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There were more than 42 known plots against Adolf Hitler—but one, in particular, might have prevented the horrors of World War II. And it failed because a politician allowed himself to be charmed by an aspiring demagogue.

Sins of the Fathers by Herbert J. Stern and Alan A. Winter is Steven Spielberg meets John le Carré in a high-voltage thriller about a behind-the-scenes revolt that might have saved the world. But what makes the novel as timely as it is chilling are the historic parallels with the present day, revealing the slippery ground we now tread.

The desire for an outsider to fix the political system.

The willingness to set aside critical thinking for an authoritarian display of power.

The erosion of rights and freedoms.

The calls to venerate “traditional” values.

And the scapegoating of those considered “different.”

Stern and Winter went deep into their research, finding facts that had been forgotten or never publicly known. They believe in the value of entertainment to inform and educate the public—too few of whom learned about World War II in school.

Sins of the Fathers is the eye-opening novel about the plot by German military leaders, career civil servants, and clergy to solicit England’s assistance to bring down the tyrant in 1938. When Prime Minster Neville Chamberlain refused to meet with them, they turned to Winston Churchill, who supported their cause. Armed with a strongly worded letter from the future prime minister, they waited for the telephone call telling them that Hitler had ordered the German troops to invade Czechoslovakia. This signal would launch their uprising—but the call did not come. Instead, Prime Minister Chamberlain went to Hitler’s apartment in Munich only to bow to the dictator’s will. The invasion was over before it began―and with that, so was the coup. Flying home, Chamberlain announced he had obtained “peace for our times.”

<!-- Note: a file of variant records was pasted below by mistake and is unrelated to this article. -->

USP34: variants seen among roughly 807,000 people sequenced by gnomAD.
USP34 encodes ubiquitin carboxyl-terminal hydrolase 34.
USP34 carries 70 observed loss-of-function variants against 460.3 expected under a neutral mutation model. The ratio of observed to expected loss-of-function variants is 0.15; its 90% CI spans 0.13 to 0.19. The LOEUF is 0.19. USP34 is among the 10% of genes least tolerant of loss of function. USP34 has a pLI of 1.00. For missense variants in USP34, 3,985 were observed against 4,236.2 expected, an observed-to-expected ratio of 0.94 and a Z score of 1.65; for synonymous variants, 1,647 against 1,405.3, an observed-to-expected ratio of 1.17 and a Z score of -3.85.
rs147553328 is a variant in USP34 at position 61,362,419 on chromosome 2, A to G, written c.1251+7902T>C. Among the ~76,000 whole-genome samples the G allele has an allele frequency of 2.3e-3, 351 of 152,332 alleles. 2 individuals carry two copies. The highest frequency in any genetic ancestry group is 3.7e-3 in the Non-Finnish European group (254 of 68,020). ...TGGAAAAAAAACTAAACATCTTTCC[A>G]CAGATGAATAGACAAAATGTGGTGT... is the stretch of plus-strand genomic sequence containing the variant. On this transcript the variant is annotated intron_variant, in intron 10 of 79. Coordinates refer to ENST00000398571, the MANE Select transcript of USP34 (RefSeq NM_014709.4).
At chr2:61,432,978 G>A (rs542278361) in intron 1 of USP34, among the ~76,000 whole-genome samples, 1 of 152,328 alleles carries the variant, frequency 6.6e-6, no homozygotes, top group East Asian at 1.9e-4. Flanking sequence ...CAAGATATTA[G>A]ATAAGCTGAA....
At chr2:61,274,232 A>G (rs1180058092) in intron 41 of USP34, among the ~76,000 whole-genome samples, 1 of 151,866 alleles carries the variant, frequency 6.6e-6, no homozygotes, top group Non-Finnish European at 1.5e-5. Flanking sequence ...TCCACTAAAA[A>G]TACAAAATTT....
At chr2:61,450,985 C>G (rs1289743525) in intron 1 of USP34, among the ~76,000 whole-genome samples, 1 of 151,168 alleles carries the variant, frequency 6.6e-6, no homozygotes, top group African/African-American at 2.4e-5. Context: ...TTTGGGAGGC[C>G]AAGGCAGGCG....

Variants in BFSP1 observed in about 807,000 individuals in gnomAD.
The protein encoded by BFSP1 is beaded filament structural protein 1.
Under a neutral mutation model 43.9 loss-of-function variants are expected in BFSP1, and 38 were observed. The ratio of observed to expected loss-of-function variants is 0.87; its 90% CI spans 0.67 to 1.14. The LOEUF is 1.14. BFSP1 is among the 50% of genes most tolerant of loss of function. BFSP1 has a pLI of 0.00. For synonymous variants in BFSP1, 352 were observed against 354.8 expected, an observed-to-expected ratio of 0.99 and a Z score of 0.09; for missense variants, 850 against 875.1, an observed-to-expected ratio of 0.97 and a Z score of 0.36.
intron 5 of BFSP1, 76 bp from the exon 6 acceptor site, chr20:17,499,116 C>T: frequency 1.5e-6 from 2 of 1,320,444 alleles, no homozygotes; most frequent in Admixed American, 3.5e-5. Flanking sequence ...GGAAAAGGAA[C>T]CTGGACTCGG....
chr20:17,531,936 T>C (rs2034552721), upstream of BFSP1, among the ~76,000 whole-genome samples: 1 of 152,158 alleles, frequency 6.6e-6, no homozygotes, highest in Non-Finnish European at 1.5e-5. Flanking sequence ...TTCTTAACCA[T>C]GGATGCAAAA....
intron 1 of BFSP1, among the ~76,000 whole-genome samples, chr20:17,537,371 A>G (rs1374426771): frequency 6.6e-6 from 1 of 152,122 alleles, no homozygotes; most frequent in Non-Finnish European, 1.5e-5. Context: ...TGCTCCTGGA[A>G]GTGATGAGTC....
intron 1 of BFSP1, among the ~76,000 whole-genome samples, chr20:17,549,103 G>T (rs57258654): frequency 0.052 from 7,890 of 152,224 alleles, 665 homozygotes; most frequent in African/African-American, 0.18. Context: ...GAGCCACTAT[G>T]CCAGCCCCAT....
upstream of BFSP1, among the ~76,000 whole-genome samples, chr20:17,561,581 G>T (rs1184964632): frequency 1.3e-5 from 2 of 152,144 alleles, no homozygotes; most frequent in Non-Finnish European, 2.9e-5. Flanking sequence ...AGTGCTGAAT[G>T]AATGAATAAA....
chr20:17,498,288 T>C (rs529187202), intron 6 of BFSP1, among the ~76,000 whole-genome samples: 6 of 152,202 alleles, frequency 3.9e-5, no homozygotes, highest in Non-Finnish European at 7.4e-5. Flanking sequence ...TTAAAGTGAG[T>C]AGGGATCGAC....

Sins of the Fathers―the sequel to Wolf, about Hitler’s rise to power―tells the dramatic true story of the prime minister who undermined the coup to topple the regime, delivered Czechoslovakia to Hitler, and in so doing, saved the Führer’s life and paved the road to World War II.

Alan Winter was born in Newark, NJ and graduated from Livingston High School. He graduated with honors in history from Rutgers College, New Brunswick, NJ, and earned post-graduate degrees from NYU and Columbia. His many professional accomplishments include editing a journal for 11 years, publishing more than 20 peer-reviewed articles, and having six novels published while being an associate professor at Columbia and NYU for more than 20 years.

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